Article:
U.S. stands shoulder to shoulder with its allies in a position of military and diplomatic strength. In a statement released this morning, President Obama reiterated that “The United States remains vigilant in the face of North Korean provocations and steadfast in our defense commitments to allies in the region…The danger posed by North Korea’s threatening activities warrants further swift and credible action by the international community.  The United States will also continue to take steps necessary to defend ourselves and our allies. We will strengthen close coordination with allies and partners and work with our Six-Party partners, the United Nations Security Council, and other UN member states to pursue firm action.” [President Obama, 2/12/13]

Critical questions remain about North Korea’s test and future intentions:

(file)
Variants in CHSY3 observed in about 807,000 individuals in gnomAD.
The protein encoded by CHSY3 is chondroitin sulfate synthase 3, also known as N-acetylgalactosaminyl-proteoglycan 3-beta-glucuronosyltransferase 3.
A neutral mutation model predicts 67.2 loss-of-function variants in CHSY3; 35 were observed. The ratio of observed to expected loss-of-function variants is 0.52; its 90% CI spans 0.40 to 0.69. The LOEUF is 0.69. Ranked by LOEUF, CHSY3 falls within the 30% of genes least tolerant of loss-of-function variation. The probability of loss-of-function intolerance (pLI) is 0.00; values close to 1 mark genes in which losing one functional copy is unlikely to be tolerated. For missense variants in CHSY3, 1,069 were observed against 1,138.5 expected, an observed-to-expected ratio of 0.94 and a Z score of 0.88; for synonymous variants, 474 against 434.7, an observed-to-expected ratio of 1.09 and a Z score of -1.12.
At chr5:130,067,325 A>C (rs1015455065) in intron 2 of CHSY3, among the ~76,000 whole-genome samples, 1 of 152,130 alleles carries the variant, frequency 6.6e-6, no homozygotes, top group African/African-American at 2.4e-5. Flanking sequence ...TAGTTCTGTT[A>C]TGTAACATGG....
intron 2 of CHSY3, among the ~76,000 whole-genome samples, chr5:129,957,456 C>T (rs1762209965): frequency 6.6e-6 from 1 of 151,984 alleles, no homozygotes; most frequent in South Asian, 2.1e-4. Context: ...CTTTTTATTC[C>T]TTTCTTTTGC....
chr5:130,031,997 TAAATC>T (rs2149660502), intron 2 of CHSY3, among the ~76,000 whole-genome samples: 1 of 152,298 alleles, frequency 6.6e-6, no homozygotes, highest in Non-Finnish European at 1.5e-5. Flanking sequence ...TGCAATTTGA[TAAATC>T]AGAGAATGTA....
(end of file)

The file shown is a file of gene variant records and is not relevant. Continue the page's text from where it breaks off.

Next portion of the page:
Was the device uranium or plutonium? The New York Times reports, “American officials will also be looking for signs of whether the North, for the first time, conducted a test of a uranium weapon, based on a uranium enrichment capability it has been pursuing for a decade. The past two tests used plutonium, reprocessed from one of the country’s now-defunct nuclear reactors. While the country has only enough plutonium for a half-dozen or so bombs, it can produce enriched uranium well into the future.” [NY Times, 2/12/13]

Are more provocations planned? The Associated Press reports, “The National Intelligence Service in Seoul told lawmakers that North Korea may conduct an additional nuclear test and test-launch a ballistic missile in response to U.N. talks about imposing more sanctions…. Analysts have also previously speculated that Pyongyang might conduct multiple tests, possibly of plutonium and uranium devices.” [AP, 2/12/13]

What We’re Reading

President Barack Obama will announce in his State of the Union address that 34,000 U.S. troops will return from Afghanistan by early 2014.